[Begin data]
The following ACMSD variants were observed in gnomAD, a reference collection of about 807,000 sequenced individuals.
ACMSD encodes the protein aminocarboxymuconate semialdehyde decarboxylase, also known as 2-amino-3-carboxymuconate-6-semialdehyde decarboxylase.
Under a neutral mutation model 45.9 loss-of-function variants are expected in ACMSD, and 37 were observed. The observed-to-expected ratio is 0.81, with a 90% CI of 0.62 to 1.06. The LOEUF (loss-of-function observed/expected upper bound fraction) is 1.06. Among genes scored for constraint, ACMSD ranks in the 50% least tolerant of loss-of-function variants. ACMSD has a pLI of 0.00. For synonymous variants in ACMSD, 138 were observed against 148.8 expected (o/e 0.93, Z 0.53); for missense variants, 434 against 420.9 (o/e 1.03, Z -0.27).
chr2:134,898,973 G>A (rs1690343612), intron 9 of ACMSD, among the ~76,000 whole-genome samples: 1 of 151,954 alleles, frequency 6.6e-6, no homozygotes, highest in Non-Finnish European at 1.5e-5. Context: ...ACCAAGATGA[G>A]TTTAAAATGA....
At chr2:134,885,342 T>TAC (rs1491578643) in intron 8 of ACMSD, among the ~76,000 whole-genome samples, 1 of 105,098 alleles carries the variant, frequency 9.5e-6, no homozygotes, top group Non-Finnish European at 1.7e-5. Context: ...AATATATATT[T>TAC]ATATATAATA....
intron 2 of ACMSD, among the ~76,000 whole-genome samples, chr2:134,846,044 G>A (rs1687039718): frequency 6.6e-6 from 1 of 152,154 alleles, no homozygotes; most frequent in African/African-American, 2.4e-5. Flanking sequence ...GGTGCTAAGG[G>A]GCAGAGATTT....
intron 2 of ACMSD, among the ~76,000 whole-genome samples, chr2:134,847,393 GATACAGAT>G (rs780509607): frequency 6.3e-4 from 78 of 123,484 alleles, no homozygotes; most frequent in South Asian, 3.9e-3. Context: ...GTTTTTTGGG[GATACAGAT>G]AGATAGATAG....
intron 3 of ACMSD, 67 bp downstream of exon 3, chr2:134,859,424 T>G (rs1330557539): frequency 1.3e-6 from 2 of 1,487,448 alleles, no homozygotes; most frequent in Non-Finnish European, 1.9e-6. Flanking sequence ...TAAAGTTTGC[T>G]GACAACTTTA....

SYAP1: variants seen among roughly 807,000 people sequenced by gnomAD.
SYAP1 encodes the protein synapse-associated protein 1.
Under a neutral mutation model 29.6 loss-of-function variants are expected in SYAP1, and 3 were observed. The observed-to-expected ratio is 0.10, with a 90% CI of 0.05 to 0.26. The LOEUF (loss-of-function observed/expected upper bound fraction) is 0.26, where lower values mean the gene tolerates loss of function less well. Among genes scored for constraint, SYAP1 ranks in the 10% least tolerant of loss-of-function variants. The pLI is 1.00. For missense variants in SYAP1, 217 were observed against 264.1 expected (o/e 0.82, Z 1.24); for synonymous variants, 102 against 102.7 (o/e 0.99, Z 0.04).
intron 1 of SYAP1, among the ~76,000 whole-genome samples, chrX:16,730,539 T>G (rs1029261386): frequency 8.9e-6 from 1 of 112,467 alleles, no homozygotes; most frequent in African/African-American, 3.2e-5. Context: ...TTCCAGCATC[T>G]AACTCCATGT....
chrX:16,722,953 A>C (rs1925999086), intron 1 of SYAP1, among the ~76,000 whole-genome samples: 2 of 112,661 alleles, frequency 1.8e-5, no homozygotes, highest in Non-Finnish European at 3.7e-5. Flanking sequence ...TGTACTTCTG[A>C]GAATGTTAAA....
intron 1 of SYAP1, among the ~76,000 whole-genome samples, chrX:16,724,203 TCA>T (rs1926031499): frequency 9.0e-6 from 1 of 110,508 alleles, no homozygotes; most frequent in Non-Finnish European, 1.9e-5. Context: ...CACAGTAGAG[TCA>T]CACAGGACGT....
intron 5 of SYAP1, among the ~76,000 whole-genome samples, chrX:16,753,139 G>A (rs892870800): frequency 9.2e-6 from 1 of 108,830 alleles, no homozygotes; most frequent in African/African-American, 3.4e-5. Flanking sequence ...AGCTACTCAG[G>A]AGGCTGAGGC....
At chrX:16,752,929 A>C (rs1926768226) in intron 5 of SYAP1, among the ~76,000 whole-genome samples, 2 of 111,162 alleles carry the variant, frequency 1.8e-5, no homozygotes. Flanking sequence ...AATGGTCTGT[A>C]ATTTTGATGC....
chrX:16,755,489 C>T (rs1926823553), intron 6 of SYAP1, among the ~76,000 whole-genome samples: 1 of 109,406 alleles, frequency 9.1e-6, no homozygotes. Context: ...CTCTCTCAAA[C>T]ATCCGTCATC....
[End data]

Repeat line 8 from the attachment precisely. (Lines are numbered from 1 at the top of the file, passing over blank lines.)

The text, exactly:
intron 3 of ACMSD, 67 bp downstream of exon 3, chr2:134,859,424 T>G (rs1330557539): frequency 1.3e-6 from 2 of 1,487,448 alleles, no homozygotes; most frequent in Non-Finnish European, 1.9e-6. Flanking sequence ...TAAAGTTTGC[T>G]GACAACTTTA....